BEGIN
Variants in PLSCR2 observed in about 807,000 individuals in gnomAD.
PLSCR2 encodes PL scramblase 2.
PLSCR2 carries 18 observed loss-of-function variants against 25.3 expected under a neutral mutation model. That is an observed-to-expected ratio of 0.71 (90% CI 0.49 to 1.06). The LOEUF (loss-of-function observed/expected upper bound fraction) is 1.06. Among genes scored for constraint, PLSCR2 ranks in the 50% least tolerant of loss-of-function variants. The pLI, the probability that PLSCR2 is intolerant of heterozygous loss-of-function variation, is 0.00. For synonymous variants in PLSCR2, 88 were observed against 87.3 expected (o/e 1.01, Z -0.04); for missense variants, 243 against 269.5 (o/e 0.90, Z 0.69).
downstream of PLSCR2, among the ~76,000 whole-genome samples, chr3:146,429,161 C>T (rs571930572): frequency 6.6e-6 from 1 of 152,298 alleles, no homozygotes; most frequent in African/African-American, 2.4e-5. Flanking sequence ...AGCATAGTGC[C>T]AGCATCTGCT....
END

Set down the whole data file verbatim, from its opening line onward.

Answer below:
Variants in PLSCR2 observed in about 807,000 individuals in gnomAD.
PLSCR2 encodes PL scramblase 2.
PLSCR2 carries 18 observed loss-of-function variants against 25.3 expected under a neutral mutation model. That is an observed-to-expected ratio of 0.71 (90% CI 0.49 to 1.06). The LOEUF (loss-of-function observed/expected upper bound fraction) is 1.06. Among genes scored for constraint, PLSCR2 ranks in the 50% least tolerant of loss-of-function variants. The pLI, the probability that PLSCR2 is intolerant of heterozygous loss-of-function variation, is 0.00. For synonymous variants in PLSCR2, 88 were observed against 87.3 expected (o/e 1.01, Z -0.04); for missense variants, 243 against 269.5 (o/e 0.90, Z 0.69).
downstream of PLSCR2, among the ~76,000 whole-genome samples, chr3:146,429,161 C>T (rs571930572): frequency 6.6e-6 from 1 of 152,298 alleles, no homozygotes; most frequent in African/African-American, 2.4e-5. Flanking sequence ...AGCATAGTGC[C>T]AGCATCTGCT....